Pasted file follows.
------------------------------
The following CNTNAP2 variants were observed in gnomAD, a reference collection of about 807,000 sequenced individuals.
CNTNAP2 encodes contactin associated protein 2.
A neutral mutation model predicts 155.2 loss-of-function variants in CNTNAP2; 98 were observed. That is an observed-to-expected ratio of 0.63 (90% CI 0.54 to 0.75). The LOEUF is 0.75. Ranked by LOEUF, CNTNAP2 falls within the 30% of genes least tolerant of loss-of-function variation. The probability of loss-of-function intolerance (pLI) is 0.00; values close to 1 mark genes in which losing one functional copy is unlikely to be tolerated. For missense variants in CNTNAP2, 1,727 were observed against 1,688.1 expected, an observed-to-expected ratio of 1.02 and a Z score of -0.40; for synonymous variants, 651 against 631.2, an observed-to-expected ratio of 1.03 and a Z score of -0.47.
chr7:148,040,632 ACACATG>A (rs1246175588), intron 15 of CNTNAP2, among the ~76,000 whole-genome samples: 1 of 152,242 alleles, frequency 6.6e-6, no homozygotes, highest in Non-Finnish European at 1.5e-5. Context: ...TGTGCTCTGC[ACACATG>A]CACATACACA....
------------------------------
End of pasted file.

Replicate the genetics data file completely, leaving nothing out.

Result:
The following CNTNAP2 variants were observed in gnomAD, a reference collection of about 807,000 sequenced individuals.
CNTNAP2 encodes contactin associated protein 2.
A neutral mutation model predicts 155.2 loss-of-function variants in CNTNAP2; 98 were observed. That is an observed-to-expected ratio of 0.63 (90% CI 0.54 to 0.75). The LOEUF is 0.75. Ranked by LOEUF, CNTNAP2 falls within the 30% of genes least tolerant of loss-of-function variation. The probability of loss-of-function intolerance (pLI) is 0.00; values close to 1 mark genes in which losing one functional copy is unlikely to be tolerated. For missense variants in CNTNAP2, 1,727 were observed against 1,688.1 expected, an observed-to-expected ratio of 1.02 and a Z score of -0.40; for synonymous variants, 651 against 631.2, an observed-to-expected ratio of 1.03 and a Z score of -0.47.
chr7:148,040,632 ACACATG>A (rs1246175588), intron 15 of CNTNAP2, among the ~76,000 whole-genome samples: 1 of 152,242 alleles, frequency 6.6e-6, no homozygotes, highest in Non-Finnish European at 1.5e-5. Context: ...TGTGCTCTGC[ACACATG>A]CACATACACA....